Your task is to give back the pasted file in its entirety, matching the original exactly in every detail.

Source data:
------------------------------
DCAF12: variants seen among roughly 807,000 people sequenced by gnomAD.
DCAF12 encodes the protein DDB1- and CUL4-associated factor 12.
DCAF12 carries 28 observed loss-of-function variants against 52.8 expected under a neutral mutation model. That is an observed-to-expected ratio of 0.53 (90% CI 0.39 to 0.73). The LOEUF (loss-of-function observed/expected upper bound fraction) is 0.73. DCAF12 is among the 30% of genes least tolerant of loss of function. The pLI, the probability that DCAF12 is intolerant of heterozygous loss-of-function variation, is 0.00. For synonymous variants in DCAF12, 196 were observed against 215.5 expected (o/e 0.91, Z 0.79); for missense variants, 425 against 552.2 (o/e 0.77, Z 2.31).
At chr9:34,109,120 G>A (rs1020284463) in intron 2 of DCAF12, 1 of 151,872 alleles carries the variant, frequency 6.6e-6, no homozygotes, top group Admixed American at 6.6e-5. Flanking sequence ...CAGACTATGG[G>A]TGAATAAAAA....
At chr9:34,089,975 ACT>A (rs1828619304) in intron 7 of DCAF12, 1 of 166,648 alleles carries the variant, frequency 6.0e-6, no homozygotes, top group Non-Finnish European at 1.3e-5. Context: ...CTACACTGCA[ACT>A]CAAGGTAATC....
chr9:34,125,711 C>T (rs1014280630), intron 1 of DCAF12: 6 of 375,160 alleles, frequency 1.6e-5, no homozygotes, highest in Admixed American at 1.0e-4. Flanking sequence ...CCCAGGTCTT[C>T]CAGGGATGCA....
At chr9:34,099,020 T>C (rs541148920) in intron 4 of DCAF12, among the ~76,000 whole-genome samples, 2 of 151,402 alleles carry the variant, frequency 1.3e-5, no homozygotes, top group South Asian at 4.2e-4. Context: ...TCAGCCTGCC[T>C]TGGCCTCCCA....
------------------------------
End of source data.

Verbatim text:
DCAF12: variants seen among roughly 807,000 people sequenced by gnomAD.
DCAF12 encodes the protein DDB1- and CUL4-associated factor 12.
DCAF12 carries 28 observed loss-of-function variants against 52.8 expected under a neutral mutation model. That is an observed-to-expected ratio of 0.53 (90% CI 0.39 to 0.73). The LOEUF (loss-of-function observed/expected upper bound fraction) is 0.73. DCAF12 is among the 30% of genes least tolerant of loss of function. The pLI, the probability that DCAF12 is intolerant of heterozygous loss-of-function variation, is 0.00. For synonymous variants in DCAF12, 196 were observed against 215.5 expected (o/e 0.91, Z 0.79); for missense variants, 425 against 552.2 (o/e 0.77, Z 2.31).
At chr9:34,109,120 G>A (rs1020284463) in intron 2 of DCAF12, 1 of 151,872 alleles carries the variant, frequency 6.6e-6, no homozygotes, top group Admixed American at 6.6e-5. Flanking sequence ...CAGACTATGG[G>A]TGAATAAAAA....
At chr9:34,089,975 ACT>A (rs1828619304) in intron 7 of DCAF12, 1 of 166,648 alleles carries the variant, frequency 6.0e-6, no homozygotes, top group Non-Finnish European at 1.3e-5. Context: ...CTACACTGCA[ACT>A]CAAGGTAATC....
chr9:34,125,711 C>T (rs1014280630), intron 1 of DCAF12: 6 of 375,160 alleles, frequency 1.6e-5, no homozygotes, highest in Admixed American at 1.0e-4. Flanking sequence ...CCCAGGTCTT[C>T]CAGGGATGCA....
At chr9:34,099,020 T>C (rs541148920) in intron 4 of DCAF12, among the ~76,000 whole-genome samples, 2 of 151,402 alleles carry the variant, frequency 1.3e-5, no homozygotes, top group South Asian at 4.2e-4. Context: ...TCAGCCTGCC[T>C]TGGCCTCCCA....